To take a recent example, why does Ed Balls' policy, launched in his recent conference speech, of freezing child benefit for the first two years of a Labour government make one feel so uncomfortable? It's not just that the policy stinks. It is also not based on any principles or policy priorities concerning the benefits system. The fact is it's not even about what level of child benefit the country should or could afford (the resulting savings will be tiny), It is designed to demonstrate (to whom?) that a Labour government will not spare welfare, that it will not be a soft touch. It is an example (admittedly a relatively mild one) of the recent trend to draw a line between welfare recipients and 'hard-working families'. Labour seems to have embraced the rhetoric behind this policy of exclusion. I will at least pay the leadership the compliment of not believing that they really think in these terms, but that's what makes it cynical. They would no doubt see it as prudent positioning … .

What would President Bartlett say? Or Jesus Christ?

Tom Carty is the author of ‘The Jesus Reader. The Teaching and Identity of Jesus Christ’ Columba Press 2013

Access his blog ‘SEEK FIRST THE KINGDOM’ via his website tomcartysite.com

 

 

 

 

 

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Labour values in a 10/40 window

1040window.jpgEvangelicals use the term 10/40 Window to describe the part of the world where the Church’s influence is weakest. It refers to the area between 10 degrees to 40 degree north of the Equator. This region includes North Africa, the Near East the Middle East, the Indian Subcontinent and South East Asia.

 

Running a church in this part of the world is very different from elsewhere. A church that meets in someone’s basement under cover of darkness doesn’t need to worry about the colour of the carpet or the pews being pulled out. A church characterised by the accapella singing of hymns learnt in the oral tradition won’t have arguments over whether to be accompanied by a historic organ or a “worship band”.  And theological debates over the comparative use of wine or grape juice probably seem somewhat academic in a place where managing to feed your children is a major achievement.

 

Since my selection as a Prospective Parliamentary Candidate in the Tory stronghold of Hitchin & Harpenden I have often found encouragement from the lives of Christians who live in the 10/40 window. Their challenges are much, much greater than mine but there are similarities that I draw on.

 

Hitchin & Harpenden Labour Party’s challenges are different from those in South Shields and East Ham, or even Harlow and Stevenage. We do not run the local council – or County Council – so we are not burdened by the trappings and responsibilities of public office. We do, however, have heated debates over how our five councillors (twelve across North Hertfordshire) can best wearelabour.jpgchallenge the governing administration. We don’t argue over which Shadow Minister we want at our next branch meeting but we do find encouragement in the fact that many of our members (due to our proximity to London, and perversely, our high house prices) are leaders in their chosen field across a range of industries and sectors.  I do not have a regular column in the local paper – and I haven’t (yet) appeared on Newsnight - but I have had measurable success getting into the local press – perhaps even because I help to diversify the local Tory hegemony.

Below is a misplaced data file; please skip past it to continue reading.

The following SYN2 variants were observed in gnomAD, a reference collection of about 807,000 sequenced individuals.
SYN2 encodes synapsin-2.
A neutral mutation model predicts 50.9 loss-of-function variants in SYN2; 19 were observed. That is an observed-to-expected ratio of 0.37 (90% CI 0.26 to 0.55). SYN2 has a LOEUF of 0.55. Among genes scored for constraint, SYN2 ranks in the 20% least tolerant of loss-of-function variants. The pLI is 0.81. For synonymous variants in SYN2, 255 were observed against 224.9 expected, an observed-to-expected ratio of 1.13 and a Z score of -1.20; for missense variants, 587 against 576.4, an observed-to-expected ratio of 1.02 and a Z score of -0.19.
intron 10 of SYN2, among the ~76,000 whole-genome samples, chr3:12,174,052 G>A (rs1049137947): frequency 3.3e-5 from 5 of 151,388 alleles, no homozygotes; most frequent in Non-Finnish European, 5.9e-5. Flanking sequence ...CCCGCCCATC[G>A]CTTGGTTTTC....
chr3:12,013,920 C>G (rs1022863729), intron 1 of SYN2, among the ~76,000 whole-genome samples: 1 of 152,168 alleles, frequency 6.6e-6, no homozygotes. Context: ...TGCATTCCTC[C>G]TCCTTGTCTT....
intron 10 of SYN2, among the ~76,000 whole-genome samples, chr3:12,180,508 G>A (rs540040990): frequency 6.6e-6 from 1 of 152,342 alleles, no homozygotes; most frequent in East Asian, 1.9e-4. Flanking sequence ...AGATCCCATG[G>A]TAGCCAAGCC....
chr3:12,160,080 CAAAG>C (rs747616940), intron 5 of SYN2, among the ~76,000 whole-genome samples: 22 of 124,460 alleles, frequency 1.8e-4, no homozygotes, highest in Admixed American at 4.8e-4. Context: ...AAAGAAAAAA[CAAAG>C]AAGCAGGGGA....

It is a great relief to me that we don’t have arguments over whether or not we have hit our voter contact rate for the month but, paradoxically, that is also a great sadness. Sometimes it is difficult to articulate to my Inner London friends exactly how low a base we start from. A good way to think of it is a huddled group of believers meeting in a basement somewhere in Uzbekistan. Forget the pews, the red carpet, the organ and the choir robes and imagine us singing “Kumbaya” by candlelight. [My Hitchin and Harpenden comrades will hate this analogy, but I do think it’s very apt!]

 

As a candidate, I often find myself being my own Campaign Manager,  Press Officer, Branch Secretary and Membership Officer. I fold leaflets into the small hours, I put in my own orders for materials off Membersnet and I spend an awful lot of time on the Ballot_papers.jpgphone and email to members. My number one priority is “Capacity Building”. How much we can achieve is directly proportional to how many people I can recruit to do things. After all, there is only one of me – and I routinely find that this is a major limitation.

 

This challenge is made greater by the fact that one of my roles as a candidate in a non-target seat is to mobilise members to campaign in our “twin seat” of Stevenage. So, on a “Super Saturday” I am expected to turn up with an army of activists from the Hitchin and Harpenden constituency to help us win a key marginal so as to form a Labour Government in 2015. This is a bit like asking the Vicar of Tashkent to get together a delegation of Christians to support the work at Canterbury Cathedral. The difference in manpower ought to be obvious – even to the untrained eye. Please don’t misunderstand me: I understand the theory – getting a Labour Government involves winning Stevenage - but in practice, this can be an extraordinarily tall order.